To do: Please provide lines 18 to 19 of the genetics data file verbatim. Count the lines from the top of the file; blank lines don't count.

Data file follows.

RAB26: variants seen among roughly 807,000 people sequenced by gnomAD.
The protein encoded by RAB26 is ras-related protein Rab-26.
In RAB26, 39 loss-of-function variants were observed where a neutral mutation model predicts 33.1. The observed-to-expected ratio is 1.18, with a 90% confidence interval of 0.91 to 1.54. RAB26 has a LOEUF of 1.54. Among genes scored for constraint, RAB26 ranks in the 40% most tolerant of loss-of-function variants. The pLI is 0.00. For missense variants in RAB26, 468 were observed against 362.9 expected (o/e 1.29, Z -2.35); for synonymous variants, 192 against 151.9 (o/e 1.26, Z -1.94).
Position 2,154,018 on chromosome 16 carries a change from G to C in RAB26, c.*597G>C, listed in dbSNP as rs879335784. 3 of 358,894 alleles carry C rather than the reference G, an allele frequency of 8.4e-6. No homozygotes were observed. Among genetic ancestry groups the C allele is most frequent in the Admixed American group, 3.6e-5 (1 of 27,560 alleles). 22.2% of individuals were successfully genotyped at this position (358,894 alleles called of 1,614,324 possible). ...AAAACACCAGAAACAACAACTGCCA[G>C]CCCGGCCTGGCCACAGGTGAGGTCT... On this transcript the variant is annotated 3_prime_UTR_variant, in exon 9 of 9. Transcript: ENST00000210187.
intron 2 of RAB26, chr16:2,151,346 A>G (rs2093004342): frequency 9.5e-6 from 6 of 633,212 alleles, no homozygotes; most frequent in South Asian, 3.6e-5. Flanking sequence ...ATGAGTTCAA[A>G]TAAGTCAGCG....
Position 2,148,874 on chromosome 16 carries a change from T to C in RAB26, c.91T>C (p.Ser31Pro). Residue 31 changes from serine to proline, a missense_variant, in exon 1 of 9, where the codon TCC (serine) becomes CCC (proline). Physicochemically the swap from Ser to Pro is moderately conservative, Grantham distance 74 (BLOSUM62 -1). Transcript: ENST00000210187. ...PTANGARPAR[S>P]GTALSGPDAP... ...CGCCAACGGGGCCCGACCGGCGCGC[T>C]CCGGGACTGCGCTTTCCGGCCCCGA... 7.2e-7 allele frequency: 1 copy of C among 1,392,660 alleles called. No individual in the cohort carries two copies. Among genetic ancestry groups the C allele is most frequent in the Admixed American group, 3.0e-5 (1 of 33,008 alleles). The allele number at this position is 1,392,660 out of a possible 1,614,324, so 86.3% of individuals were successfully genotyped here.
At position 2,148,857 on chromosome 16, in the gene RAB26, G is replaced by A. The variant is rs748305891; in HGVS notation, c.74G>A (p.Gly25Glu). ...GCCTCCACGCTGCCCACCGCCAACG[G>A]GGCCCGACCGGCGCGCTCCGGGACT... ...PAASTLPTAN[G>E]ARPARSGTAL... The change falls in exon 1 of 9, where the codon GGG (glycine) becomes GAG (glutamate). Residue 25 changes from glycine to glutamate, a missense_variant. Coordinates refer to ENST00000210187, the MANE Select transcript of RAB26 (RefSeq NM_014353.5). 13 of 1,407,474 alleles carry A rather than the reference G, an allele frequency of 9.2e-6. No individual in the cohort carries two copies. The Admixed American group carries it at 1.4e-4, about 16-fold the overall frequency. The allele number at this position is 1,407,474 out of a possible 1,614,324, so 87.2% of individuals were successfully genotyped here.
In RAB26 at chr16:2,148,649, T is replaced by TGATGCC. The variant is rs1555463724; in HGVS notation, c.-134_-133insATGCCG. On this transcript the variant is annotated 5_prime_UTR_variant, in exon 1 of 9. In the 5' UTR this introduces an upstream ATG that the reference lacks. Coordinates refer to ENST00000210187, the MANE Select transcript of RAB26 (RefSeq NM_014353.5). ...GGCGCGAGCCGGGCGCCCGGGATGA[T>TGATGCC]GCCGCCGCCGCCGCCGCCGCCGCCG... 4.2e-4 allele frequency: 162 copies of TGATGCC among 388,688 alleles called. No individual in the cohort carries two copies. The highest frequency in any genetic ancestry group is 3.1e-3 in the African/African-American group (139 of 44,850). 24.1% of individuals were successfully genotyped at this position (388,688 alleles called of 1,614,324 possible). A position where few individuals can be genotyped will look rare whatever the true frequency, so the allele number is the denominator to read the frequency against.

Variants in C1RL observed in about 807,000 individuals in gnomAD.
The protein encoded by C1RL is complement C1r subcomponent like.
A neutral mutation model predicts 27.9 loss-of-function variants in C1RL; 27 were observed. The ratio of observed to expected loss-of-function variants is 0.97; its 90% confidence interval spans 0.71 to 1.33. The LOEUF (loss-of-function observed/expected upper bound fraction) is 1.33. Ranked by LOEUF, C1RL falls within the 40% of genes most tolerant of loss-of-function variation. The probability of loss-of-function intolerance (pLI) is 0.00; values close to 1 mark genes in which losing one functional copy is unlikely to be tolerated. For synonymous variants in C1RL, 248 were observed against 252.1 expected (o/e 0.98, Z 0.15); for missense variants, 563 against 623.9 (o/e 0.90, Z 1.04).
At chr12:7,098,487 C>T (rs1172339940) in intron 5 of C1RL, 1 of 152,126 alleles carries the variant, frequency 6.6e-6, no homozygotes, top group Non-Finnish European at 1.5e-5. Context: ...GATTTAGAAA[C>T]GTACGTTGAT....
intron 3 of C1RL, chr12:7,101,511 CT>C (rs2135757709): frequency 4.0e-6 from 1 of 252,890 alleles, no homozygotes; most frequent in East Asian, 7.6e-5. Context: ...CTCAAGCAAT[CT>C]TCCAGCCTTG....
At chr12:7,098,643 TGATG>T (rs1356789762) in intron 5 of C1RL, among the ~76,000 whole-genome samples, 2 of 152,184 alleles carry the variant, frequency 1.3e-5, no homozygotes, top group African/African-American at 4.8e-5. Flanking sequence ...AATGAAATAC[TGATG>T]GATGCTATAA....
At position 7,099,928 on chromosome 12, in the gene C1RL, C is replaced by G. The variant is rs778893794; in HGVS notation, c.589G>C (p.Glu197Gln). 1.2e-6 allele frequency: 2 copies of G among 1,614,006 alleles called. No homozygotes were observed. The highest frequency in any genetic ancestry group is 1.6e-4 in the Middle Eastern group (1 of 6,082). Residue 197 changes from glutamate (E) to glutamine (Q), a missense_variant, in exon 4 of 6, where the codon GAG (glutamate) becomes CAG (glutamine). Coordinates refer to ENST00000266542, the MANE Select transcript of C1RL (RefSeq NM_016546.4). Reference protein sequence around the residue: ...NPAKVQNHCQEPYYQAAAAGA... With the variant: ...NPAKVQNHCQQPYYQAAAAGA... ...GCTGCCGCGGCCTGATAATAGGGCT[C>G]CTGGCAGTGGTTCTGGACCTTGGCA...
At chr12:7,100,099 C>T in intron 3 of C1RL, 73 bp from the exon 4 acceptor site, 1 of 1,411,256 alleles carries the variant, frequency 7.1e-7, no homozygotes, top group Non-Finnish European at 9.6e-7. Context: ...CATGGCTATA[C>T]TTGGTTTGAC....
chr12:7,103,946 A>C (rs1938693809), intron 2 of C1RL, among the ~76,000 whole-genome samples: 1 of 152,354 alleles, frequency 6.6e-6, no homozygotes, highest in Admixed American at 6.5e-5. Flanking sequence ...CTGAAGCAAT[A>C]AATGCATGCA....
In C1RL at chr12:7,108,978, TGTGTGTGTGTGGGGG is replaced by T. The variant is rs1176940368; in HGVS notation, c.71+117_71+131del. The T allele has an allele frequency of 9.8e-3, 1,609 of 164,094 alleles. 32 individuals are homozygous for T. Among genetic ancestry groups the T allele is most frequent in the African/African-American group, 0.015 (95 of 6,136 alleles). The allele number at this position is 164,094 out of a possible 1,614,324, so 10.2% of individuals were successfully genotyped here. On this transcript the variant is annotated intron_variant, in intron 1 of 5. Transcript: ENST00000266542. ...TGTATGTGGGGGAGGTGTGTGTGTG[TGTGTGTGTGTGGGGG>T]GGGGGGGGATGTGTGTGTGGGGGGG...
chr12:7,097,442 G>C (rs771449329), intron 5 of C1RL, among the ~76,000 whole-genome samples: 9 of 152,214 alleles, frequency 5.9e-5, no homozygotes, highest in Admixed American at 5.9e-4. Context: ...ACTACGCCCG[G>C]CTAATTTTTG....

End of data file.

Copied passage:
In C1RL at chr12:7,108,978, TGTGTGTGTGTGGGGG is replaced by T. The variant is rs1176940368; in HGVS notation, c.71+117_71+131del. The T allele has an allele frequency of 9.8e-3, 1,609 of 164,094 alleles. 32 individuals are homozygous for T. Among genetic ancestry groups the T allele is most frequent in the African/African-American group, 0.015 (95 of 6,136 alleles). The allele number at this position is 164,094 out of a possible 1,614,324, so 10.2% of individuals were successfully genotyped here. On this transcript the variant is annotated intron_variant, in intron 1 of 5. Transcript: ENST00000266542. ...TGTATGTGGGGGAGGTGTGTGTGTG[TGTGTGTGTGTGGGGG>T]GGGGGGGGATGTGTGTGTGGGGGGG...
chr12:7,097,442 G>C (rs771449329), intron 5 of C1RL, among the ~76,000 whole-genome samples: 9 of 152,214 alleles, frequency 5.9e-5, no homozygotes, highest in Admixed American at 5.9e-4. Context: ...ACTACGCCCG[G>C]CTAATTTTTG....